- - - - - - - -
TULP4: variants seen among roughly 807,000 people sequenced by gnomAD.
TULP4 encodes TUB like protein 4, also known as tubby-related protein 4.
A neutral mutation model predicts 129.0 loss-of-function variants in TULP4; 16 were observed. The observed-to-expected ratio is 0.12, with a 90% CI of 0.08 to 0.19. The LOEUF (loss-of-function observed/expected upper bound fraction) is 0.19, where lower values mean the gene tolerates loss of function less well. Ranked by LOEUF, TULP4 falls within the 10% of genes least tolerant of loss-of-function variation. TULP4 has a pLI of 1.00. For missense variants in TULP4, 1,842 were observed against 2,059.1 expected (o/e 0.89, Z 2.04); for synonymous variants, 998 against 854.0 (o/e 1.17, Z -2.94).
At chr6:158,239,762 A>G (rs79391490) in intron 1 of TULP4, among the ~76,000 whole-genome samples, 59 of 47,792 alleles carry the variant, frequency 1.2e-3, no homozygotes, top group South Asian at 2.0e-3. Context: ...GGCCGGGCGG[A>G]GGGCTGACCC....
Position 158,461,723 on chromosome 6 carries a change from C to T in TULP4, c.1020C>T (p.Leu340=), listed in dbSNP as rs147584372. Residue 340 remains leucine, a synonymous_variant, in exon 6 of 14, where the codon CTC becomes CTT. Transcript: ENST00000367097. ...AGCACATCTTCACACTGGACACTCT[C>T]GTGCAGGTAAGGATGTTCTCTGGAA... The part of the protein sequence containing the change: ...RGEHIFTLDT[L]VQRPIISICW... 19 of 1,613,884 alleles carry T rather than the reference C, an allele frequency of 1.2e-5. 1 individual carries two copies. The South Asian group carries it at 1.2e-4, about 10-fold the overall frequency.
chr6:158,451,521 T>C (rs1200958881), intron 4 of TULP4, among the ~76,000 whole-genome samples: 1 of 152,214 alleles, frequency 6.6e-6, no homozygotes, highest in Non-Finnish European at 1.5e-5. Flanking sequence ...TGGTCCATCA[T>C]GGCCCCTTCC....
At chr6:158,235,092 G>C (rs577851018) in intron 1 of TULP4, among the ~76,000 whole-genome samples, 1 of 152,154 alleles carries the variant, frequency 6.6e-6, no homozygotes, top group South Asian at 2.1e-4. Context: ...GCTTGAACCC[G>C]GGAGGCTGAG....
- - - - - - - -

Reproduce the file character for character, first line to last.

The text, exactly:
TULP4: variants seen among roughly 807,000 people sequenced by gnomAD.
TULP4 encodes TUB like protein 4, also known as tubby-related protein 4.
A neutral mutation model predicts 129.0 loss-of-function variants in TULP4; 16 were observed. The observed-to-expected ratio is 0.12, with a 90% CI of 0.08 to 0.19. The LOEUF (loss-of-function observed/expected upper bound fraction) is 0.19, where lower values mean the gene tolerates loss of function less well. Ranked by LOEUF, TULP4 falls within the 10% of genes least tolerant of loss-of-function variation. TULP4 has a pLI of 1.00. For missense variants in TULP4, 1,842 were observed against 2,059.1 expected (o/e 0.89, Z 2.04); for synonymous variants, 998 against 854.0 (o/e 1.17, Z -2.94).
At chr6:158,239,762 A>G (rs79391490) in intron 1 of TULP4, among the ~76,000 whole-genome samples, 59 of 47,792 alleles carry the variant, frequency 1.2e-3, no homozygotes, top group South Asian at 2.0e-3. Context: ...GGCCGGGCGG[A>G]GGGCTGACCC....
Position 158,461,723 on chromosome 6 carries a change from C to T in TULP4, c.1020C>T (p.Leu340=), listed in dbSNP as rs147584372. Residue 340 remains leucine, a synonymous_variant, in exon 6 of 14, where the codon CTC becomes CTT. Transcript: ENST00000367097. ...AGCACATCTTCACACTGGACACTCT[C>T]GTGCAGGTAAGGATGTTCTCTGGAA... The part of the protein sequence containing the change: ...RGEHIFTLDT[L]VQRPIISICW... 19 of 1,613,884 alleles carry T rather than the reference C, an allele frequency of 1.2e-5. 1 individual carries two copies. The South Asian group carries it at 1.2e-4, about 10-fold the overall frequency.
chr6:158,451,521 T>C (rs1200958881), intron 4 of TULP4, among the ~76,000 whole-genome samples: 1 of 152,214 alleles, frequency 6.6e-6, no homozygotes, highest in Non-Finnish European at 1.5e-5. Flanking sequence ...TGGTCCATCA[T>C]GGCCCCTTCC....
At chr6:158,235,092 G>C (rs577851018) in intron 1 of TULP4, among the ~76,000 whole-genome samples, 1 of 152,154 alleles carries the variant, frequency 6.6e-6, no homozygotes, top group South Asian at 2.1e-4. Context: ...GCTTGAACCC[G>C]GGAGGCTGAG....